The Ghost Tree: A well-rendered 1980s slasher that could have gone farther

The Ghost Tree by Christina Henry science fiction and fantasy book and audiobook reviewsThe Ghost Tree by Christina Henry science fiction and fantasy book and audiobook reviewsThe Ghost Tree by Christina Henry

After I read Christina Henry’s 2020 horror novel The Ghost Tree, I did a bit of research on the writer. It seems like she is well-known for retelling fairy tales, usually with a dark (or darker) twist than the original. The Ghost Tree is not a fairy tale, as far as I can tell, although it has some fairy-tale elements. It’s a 1980s-style slasher horror novel. By the way, that’s what I thought I was getting when I bought it, so there is no mislabeling going on here.

Lauren DeMucci, nearly fifteen, has weighty problems on her shoulders. The year before, her father was murdered in the woods near their house, his heart torn out. The town police haven’t made any progress on solving the murder. Lauren’s best friend since the second grade, Miranda, is growing away from her — she bosses Lauren around, mocks her bookishness and tomboy figure, and is only interested in boys, preferably ones with hot cars. (If you think something bad will happen to Miranda after this description, you know exactly what kind of book this is.)

Smiths Hollow is a virtually perfect small Illinois town, a forty-minute train ride from Chicago, and so far, it has evaded the rustbelt effects similar towns have faced. It has a thriving Main Street and a chili canning factory that employs nearly everyone in town. It sounds too good to be true. That’s because it is.

The opening chapters introduce a number of small-town characters: Lauren’s magical baby brother David, her troubled mother Karen, and Alex Lopez, new to the town and the local police force. Soon, though, Alex is called to a horrifying scene in the backyard of the town bigot; the heads and entrails of two girls are festooned around the lawn. Despite the shock and horror of the scene, Alex’s partner Miller seems to have trouble paying attention, and by the next day he has even more trouble remembering there were two disembodied heads. And he’s not the only one Alex himself has trouble remembering, except for one thing. One of the heads spoke to him. It told him to find their bodies — and find the other girls.

Christina Henry

Christina Henry

This is a great setup, and the multiple points of view are true to the subgenre. They work well here to show us a town built on a terrible cost. Descriptions within The Ghost Tree are excellent, most particularly the ghost tree itself, a spar in the woods that Lauren always feels drawn to, even though her father’s body was found there.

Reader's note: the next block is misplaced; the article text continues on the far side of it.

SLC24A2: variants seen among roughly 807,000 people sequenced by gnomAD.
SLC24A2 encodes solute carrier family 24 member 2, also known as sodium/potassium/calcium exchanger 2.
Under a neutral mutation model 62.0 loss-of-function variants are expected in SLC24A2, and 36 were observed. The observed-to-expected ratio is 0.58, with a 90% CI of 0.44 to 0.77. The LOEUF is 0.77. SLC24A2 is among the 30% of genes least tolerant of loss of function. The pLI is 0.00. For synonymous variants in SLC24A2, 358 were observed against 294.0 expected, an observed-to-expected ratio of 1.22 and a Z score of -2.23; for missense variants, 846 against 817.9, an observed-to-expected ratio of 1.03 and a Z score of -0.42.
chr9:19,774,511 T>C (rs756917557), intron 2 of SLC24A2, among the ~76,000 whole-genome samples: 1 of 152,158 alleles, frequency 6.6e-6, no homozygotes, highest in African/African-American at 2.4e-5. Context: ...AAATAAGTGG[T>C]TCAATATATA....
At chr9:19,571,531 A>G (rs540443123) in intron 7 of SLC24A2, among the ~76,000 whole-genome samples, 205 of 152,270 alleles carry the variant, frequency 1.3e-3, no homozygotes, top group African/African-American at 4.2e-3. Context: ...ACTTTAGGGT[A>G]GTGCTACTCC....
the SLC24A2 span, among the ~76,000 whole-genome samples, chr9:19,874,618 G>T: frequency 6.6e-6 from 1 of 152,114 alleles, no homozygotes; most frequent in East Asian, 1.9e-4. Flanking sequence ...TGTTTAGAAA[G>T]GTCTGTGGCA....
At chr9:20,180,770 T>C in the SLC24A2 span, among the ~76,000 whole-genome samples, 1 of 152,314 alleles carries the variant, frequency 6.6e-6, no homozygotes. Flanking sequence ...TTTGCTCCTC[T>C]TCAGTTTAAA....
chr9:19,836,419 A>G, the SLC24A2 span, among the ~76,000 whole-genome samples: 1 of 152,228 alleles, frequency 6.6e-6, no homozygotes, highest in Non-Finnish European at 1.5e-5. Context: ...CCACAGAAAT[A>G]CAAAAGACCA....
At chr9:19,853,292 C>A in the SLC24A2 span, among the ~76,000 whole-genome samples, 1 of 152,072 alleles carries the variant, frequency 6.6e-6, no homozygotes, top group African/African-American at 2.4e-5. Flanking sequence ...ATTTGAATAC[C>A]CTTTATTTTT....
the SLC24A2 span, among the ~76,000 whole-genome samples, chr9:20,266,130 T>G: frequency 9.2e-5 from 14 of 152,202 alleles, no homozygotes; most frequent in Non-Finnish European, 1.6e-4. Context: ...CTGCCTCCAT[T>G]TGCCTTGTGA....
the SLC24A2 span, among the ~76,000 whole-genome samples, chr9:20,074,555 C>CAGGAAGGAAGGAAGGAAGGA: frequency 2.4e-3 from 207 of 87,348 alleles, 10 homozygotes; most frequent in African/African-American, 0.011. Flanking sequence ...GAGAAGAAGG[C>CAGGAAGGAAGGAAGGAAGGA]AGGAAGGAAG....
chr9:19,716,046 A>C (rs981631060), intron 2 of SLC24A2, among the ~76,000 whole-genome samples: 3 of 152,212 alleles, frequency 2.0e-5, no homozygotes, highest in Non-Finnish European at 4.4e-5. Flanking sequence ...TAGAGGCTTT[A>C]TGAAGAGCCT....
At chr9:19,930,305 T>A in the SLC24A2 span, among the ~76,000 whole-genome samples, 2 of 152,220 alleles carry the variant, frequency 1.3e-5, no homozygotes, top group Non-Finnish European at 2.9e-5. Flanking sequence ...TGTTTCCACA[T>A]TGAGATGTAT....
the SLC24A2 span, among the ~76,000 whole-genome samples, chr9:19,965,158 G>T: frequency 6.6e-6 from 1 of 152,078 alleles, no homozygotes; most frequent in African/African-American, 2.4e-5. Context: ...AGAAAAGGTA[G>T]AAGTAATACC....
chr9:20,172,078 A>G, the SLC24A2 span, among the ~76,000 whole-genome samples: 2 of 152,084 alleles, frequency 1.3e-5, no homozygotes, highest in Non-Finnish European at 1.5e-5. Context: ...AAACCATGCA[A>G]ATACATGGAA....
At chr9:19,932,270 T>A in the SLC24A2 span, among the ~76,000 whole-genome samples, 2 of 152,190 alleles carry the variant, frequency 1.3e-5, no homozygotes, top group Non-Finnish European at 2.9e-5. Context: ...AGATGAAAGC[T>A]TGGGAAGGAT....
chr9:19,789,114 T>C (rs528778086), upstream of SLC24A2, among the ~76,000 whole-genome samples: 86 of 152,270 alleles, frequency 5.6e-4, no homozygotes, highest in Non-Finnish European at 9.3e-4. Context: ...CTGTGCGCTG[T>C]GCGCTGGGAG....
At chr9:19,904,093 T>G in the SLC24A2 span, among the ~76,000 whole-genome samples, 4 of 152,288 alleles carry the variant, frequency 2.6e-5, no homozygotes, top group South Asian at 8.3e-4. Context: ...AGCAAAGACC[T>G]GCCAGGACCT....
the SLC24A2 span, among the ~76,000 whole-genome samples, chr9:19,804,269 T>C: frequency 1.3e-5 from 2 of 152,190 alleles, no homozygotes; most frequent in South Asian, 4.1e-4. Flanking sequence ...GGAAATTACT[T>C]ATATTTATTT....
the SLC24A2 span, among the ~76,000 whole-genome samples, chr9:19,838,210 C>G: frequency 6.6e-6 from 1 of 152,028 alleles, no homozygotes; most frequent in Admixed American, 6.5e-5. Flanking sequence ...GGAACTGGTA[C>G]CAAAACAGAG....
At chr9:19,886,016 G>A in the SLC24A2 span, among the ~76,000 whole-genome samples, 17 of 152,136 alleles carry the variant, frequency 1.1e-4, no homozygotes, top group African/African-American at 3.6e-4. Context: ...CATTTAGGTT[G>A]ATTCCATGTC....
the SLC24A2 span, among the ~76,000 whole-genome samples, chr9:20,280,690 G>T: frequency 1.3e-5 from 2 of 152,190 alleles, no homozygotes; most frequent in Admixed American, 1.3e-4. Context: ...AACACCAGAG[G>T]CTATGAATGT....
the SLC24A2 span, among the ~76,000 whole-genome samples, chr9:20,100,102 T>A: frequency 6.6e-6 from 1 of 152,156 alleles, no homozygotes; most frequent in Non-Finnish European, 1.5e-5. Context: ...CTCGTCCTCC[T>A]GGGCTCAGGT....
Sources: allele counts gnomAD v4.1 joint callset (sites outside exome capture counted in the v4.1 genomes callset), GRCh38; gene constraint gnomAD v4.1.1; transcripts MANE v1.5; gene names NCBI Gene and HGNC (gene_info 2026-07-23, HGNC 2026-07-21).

While the description of the aftermath of killings is graphically rendered, there is little on-page violence until the end of the book. Some of the book’s “mundania” is perfect, like the constant bickering between Lauren and her mother Karen. I liked that part of it, and Lauren’s slowly growing friendship with local boy Jake, very much. Other characters, such as Mrs. Schneider, were less developed — one-note “types;” the bigot, the boorish teenaged boy, the corrupt mayor. Miranda is the biggest example of “type;” I can’t even say I was disappointed, since she was destined to be this character since we first met her.

The story broke down for me when the magic was introduced as the source of the killings. I didn’t mind the killer being a supernatural monster — I didn’t feel like the story of the town’s curse worked well. The town is “cursed” to lose girls to a monster, but in return the town gets a guarantee of prosperity. That’s not a curse. It’s a bargain. If it is a bargain, that doesn’t fit the motivations for the people who imposed the curse. In other, smaller ways, the magic is unexplained. I could accept David and Lauren’s abilities, but things like a ring appearing at the town fair (yes, of course there’s a town fair!) made little sense, even magically. And the townsfolk turning into mindless zombies near the end was unconvincing, as if thrown in to increase the danger level, without any internal reason.

Henry reminds us of the time period throughout the story with music, movie references, and fashion clues. That part of the story worked well for me. The Ghost Tree is not a failure, just a book that could have gone a bit deeper and a little farther with its storytelling. The ideas here, and the prose, make me want to read some of her fairy tale retellings.

When the bodies of two girls are found torn apart in the town of Smiths Hollow, Lauren is surprised, but she also expects that the police won’t find the killer. After all, the year before her father’s body was found with his heart missing, and since then everyone has moved on. Even her best friend, Miranda, has become more interested in boys than in spending time at the old ghost tree, the way they used to when they were kids. So when Lauren has a vision of a monster dragging the remains of the girls through the woods, she knows she can’t just do nothing. Not like the rest of her town. But as she draws closer to answers, she realizes that the foundation of her seemingly normal town might be rotten at the center. And that if nobody else stands for the missing, she will.

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Marion Deeds, with us since March, 2011, is the author of the fantasy novella ALUMINUM LEAVES. Her short fiction has appeared in the anthologies BEYOND THE STARS, THE WAND THAT ROCKS THE CRADLE, STRANGE CALIFORNIA, and in Podcastle, The Noyo River Review, Daily Science Fiction and Flash Fiction Online. She’s retired from 35 years in county government, and spends some of her free time volunteering at a second-hand bookstore in her home town. You can read her blog at deedsandwords.com, and follow her on Twitter: @mariond_d.

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